The Achievement Gap: Alive and Kicking in SC

Jim Rex

The SC Department of Education is intent on portraying the achievement gap in South Carolina public schools as narrowing.

Sadly, it isn’t.

Two school districts in Clarendon County provide a clear snapshot of the shameful social, economic and racially correlated performance gaps that plague South Carolina public schools.

According to SC Dept. of Education reports, Clarendon District 1 enrollment is over 90 percent African American, while neighboring Clarendon District 3 is 60% white. The SC Statistical Abstract shows Clarendon County as having 29.8% of families with children below poverty. A comparison of PACT scores between black students in Clarendon 1 and white students in Clarendon 3, reveals a horrifying disparity in academic performance. Take a look at these scores for reading and math:

English Language Arts % Below Basic Basic Proficient Advanced
Clarendon 1: African American 40.1 40.7 17.3 1.9
Clarendon 3: White 21.5 37.7 36.2 4.6
Mathematics % Below Basic Basic Proficient Advanced
Clarendon 1: African American 43.1 44.7 10 2.2
Clarendon 3: White 17.7 45 22.3 15

More than half the white students in Clarendon 3 meet the state performance standards in Math and Reading, while just one-in-five of their black peers in Clarendon 1 performed as well.

The intra-district achievement gap is just as horrifying. The numbers below indicate that fewer than one in four African American students are proficient in reading, writing or math.

ELA % Below Basic Basic Proficient Advanced
Clarendon 3: African American 44.9 42.6 11.4 1.1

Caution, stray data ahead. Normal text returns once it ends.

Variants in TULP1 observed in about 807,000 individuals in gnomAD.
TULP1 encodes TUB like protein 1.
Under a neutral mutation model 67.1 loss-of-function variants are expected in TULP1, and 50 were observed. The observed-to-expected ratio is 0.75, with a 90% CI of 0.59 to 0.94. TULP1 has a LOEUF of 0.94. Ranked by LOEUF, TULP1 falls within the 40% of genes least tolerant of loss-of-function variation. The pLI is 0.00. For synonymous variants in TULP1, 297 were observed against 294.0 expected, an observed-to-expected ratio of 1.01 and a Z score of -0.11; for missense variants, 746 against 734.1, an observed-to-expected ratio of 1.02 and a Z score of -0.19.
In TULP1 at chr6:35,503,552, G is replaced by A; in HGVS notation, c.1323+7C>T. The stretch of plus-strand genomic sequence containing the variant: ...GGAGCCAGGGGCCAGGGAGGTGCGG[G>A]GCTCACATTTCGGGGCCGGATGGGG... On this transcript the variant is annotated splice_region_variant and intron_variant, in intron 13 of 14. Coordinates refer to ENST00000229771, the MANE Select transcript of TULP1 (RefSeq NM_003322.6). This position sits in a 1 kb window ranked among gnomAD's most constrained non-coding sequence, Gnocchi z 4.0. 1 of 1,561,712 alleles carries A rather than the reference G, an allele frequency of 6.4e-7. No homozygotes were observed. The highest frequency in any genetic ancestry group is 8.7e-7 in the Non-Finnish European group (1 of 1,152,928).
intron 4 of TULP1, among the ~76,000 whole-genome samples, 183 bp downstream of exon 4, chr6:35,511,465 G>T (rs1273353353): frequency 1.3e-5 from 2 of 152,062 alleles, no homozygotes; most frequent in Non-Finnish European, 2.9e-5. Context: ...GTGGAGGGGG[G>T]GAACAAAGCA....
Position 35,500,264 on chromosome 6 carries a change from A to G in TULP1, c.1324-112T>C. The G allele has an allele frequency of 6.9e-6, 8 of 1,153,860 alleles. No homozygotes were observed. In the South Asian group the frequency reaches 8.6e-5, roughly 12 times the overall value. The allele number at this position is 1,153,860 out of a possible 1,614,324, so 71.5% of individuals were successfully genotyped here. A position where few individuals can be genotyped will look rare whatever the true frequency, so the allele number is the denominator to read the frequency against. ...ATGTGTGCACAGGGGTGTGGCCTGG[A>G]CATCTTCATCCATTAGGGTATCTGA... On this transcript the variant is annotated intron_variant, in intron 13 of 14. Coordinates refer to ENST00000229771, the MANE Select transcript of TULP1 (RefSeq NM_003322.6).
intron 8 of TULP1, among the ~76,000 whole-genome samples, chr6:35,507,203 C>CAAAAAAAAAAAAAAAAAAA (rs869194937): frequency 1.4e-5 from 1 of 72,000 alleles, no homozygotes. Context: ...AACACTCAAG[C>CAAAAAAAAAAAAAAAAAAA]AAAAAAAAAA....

Clarendon 3: White 21.5 37.7 36.2 4.6
Mathematics % Below Basic Basic Proficient Advanced
Clarendon 3: African American 41.2 46.3 8.5 4
Clarendon 3: White 17.7 45 22.3 15

Are test scores like this indicative of a progressive and effective education system? Certainly not.

These districts are just two of many – and not the worst. When parents lack the means to transfer their children out of schools (either by moving, or enrolling them in a private school) the schools work to perpetuate existing social-economic divisions. Low-income students remain trapped in virtually segregated, gerrymandered, underperforming districts. The only people who profit from this ineffective and confusing morass of waste are the bureaucrats.

In 2006, Clarendon 1 spent over $10,577 per student in state and local money ( incidentally $2,943 more per pupil than neighboring Clarendon 3), plus thousands more in federal money. Of that money, a pitiful $4,732 per student will go to actual classroom instruction.

This situation, and others like it, are either being swept under the rug or ignored outright by the people who should be addressing it. Jim Rex issues press releases about nutrition and lower mortgage rates for teachers, but remains silent about students being failed in Clarendon County. His public school transfer program will obviously do nothing to give the students in Clarendon what they need to succeed.

The real solution is clear: Replace bureaucratic graft with accountability to parents. Empower families to choose the school that best meets their child’s needs through school choice.

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4 responses to “The Achievement Gap: Alive and Kicking in SC

  1. Pingback: Rex and bureaucrats pressured to offer so-called “choices” « The Voice for School Choice

  2. Pingback: Poorest Schools are State’s Best Funded « The Voice for School Choice

  3. Pingback: An Inconvenient Spoof: Part 1 « The Garnet Spy

  4. Pingback: Race Gaps widen in South Carolina’s public schools « The Voice for School Choice

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